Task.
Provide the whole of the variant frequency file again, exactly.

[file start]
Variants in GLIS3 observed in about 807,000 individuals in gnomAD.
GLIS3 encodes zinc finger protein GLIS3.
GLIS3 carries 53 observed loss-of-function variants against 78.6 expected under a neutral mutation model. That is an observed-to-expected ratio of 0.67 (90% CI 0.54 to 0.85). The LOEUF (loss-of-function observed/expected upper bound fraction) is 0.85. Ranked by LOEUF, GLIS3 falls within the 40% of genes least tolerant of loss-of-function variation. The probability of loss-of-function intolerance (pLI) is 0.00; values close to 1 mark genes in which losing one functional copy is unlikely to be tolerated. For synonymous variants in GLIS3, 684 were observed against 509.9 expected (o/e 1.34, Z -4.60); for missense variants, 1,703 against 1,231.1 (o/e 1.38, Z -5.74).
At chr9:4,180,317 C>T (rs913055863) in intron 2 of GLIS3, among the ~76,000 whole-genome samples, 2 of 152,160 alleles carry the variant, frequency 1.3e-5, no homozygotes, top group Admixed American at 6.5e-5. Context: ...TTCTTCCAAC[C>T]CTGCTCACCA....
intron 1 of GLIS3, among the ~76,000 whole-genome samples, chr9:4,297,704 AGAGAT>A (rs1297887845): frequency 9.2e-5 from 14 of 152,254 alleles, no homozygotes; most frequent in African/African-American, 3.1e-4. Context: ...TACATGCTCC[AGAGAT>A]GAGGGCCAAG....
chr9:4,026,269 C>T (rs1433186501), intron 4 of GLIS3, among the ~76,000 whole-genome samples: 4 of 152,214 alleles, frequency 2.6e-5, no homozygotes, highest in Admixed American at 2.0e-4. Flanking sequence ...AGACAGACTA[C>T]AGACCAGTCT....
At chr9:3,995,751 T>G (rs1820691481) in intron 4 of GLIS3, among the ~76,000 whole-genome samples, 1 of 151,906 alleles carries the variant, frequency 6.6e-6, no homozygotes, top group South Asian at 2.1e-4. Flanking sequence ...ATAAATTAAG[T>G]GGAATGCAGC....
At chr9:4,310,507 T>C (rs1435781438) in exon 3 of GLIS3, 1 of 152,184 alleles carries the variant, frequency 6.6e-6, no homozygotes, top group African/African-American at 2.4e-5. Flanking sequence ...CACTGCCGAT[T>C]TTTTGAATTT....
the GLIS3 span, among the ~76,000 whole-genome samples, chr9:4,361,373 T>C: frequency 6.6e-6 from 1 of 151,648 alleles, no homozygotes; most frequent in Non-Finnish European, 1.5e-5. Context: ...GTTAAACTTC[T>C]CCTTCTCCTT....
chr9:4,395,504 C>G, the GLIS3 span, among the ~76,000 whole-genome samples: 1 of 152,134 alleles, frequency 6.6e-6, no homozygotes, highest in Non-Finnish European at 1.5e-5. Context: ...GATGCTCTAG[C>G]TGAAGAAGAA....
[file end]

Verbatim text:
Variants in GLIS3 observed in about 807,000 individuals in gnomAD.
GLIS3 encodes zinc finger protein GLIS3.
GLIS3 carries 53 observed loss-of-function variants against 78.6 expected under a neutral mutation model. That is an observed-to-expected ratio of 0.67 (90% CI 0.54 to 0.85). The LOEUF (loss-of-function observed/expected upper bound fraction) is 0.85. Ranked by LOEUF, GLIS3 falls within the 40% of genes least tolerant of loss-of-function variation. The probability of loss-of-function intolerance (pLI) is 0.00; values close to 1 mark genes in which losing one functional copy is unlikely to be tolerated. For synonymous variants in GLIS3, 684 were observed against 509.9 expected (o/e 1.34, Z -4.60); for missense variants, 1,703 against 1,231.1 (o/e 1.38, Z -5.74).
At chr9:4,180,317 C>T (rs913055863) in intron 2 of GLIS3, among the ~76,000 whole-genome samples, 2 of 152,160 alleles carry the variant, frequency 1.3e-5, no homozygotes, top group Admixed American at 6.5e-5. Context: ...TTCTTCCAAC[C>T]CTGCTCACCA....
intron 1 of GLIS3, among the ~76,000 whole-genome samples, chr9:4,297,704 AGAGAT>A (rs1297887845): frequency 9.2e-5 from 14 of 152,254 alleles, no homozygotes; most frequent in African/African-American, 3.1e-4. Context: ...TACATGCTCC[AGAGAT>A]GAGGGCCAAG....
chr9:4,026,269 C>T (rs1433186501), intron 4 of GLIS3, among the ~76,000 whole-genome samples: 4 of 152,214 alleles, frequency 2.6e-5, no homozygotes, highest in Admixed American at 2.0e-4. Flanking sequence ...AGACAGACTA[C>T]AGACCAGTCT....
At chr9:3,995,751 T>G (rs1820691481) in intron 4 of GLIS3, among the ~76,000 whole-genome samples, 1 of 151,906 alleles carries the variant, frequency 6.6e-6, no homozygotes, top group South Asian at 2.1e-4. Flanking sequence ...ATAAATTAAG[T>G]GGAATGCAGC....
At chr9:4,310,507 T>C (rs1435781438) in exon 3 of GLIS3, 1 of 152,184 alleles carries the variant, frequency 6.6e-6, no homozygotes, top group African/African-American at 2.4e-5. Flanking sequence ...CACTGCCGAT[T>C]TTTTGAATTT....
the GLIS3 span, among the ~76,000 whole-genome samples, chr9:4,361,373 T>C: frequency 6.6e-6 from 1 of 151,648 alleles, no homozygotes; most frequent in Non-Finnish European, 1.5e-5. Context: ...GTTAAACTTC[T>C]CCTTCTCCTT....
chr9:4,395,504 C>G, the GLIS3 span, among the ~76,000 whole-genome samples: 1 of 152,134 alleles, frequency 6.6e-6, no homozygotes, highest in Non-Finnish European at 1.5e-5. Context: ...GATGCTCTAG[C>G]TGAAGAAGAA....